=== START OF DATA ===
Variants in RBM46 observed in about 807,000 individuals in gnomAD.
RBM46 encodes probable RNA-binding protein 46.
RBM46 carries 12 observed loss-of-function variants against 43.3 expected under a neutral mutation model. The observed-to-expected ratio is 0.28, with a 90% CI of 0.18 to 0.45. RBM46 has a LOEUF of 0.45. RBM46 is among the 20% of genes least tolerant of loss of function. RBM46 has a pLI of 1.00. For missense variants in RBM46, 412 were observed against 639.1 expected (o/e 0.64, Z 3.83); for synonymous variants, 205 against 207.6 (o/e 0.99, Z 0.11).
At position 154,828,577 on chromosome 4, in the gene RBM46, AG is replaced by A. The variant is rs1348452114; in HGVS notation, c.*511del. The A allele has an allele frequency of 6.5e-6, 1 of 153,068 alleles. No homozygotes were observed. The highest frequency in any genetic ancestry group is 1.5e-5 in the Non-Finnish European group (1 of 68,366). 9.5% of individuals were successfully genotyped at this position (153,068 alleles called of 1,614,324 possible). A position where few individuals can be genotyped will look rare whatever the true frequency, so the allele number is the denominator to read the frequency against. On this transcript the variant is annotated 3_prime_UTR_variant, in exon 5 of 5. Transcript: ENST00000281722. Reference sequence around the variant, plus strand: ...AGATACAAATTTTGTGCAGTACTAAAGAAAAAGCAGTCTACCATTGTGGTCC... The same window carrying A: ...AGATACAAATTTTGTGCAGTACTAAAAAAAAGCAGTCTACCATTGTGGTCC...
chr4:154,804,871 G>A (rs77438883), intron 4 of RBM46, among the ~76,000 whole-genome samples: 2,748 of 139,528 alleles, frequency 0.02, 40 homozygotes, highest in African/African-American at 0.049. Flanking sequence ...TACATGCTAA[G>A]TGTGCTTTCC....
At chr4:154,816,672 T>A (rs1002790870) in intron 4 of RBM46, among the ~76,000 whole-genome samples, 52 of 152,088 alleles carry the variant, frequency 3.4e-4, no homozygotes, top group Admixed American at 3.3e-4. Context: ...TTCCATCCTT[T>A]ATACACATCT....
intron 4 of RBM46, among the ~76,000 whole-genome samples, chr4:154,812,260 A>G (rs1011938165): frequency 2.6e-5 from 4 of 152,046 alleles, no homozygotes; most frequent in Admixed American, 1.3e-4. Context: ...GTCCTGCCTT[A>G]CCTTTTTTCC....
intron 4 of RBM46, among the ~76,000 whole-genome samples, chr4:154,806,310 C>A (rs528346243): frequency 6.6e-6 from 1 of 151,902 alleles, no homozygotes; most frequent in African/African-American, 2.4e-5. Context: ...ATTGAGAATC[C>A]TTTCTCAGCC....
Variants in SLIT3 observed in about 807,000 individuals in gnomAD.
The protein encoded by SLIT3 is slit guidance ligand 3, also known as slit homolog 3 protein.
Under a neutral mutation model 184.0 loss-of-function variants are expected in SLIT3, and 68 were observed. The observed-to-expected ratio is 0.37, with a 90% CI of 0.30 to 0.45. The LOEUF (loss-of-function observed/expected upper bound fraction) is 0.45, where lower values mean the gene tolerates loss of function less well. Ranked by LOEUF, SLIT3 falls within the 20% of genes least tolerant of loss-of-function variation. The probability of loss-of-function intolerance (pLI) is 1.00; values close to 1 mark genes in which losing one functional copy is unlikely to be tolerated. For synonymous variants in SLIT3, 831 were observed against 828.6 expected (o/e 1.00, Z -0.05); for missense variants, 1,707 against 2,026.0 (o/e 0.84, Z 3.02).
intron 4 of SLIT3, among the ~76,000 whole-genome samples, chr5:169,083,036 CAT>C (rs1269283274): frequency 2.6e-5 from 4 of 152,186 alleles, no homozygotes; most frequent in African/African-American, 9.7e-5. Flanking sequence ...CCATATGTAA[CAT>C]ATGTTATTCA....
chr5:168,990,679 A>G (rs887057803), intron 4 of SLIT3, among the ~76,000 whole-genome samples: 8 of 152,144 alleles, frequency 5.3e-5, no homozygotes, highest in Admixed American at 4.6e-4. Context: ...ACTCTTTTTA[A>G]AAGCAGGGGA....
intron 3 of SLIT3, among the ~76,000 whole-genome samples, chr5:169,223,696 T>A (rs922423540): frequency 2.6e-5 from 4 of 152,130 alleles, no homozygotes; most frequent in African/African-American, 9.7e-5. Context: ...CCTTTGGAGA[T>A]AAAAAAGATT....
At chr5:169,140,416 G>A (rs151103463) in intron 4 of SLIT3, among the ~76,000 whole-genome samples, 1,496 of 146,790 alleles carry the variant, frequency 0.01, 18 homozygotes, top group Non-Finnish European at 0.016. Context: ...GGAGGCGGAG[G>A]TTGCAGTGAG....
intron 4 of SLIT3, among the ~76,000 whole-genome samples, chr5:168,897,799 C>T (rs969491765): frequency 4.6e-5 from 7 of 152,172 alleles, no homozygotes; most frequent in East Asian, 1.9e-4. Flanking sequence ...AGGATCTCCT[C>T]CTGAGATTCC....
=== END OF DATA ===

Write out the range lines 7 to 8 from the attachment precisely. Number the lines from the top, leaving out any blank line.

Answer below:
intron 4 of RBM46, among the ~76,000 whole-genome samples, chr4:154,812,260 A>G (rs1011938165): frequency 2.6e-5 from 4 of 152,046 alleles, no homozygotes; most frequent in Admixed American, 1.3e-4. Context: ...GTCCTGCCTT[A>G]CCTTTTTTCC....
intron 4 of RBM46, among the ~76,000 whole-genome samples, chr4:154,806,310 C>A (rs528346243): frequency 6.6e-6 from 1 of 151,902 alleles, no homozygotes; most frequent in African/African-American, 2.4e-5. Context: ...ATTGAGAATC[C>A]TTTCTCAGCC....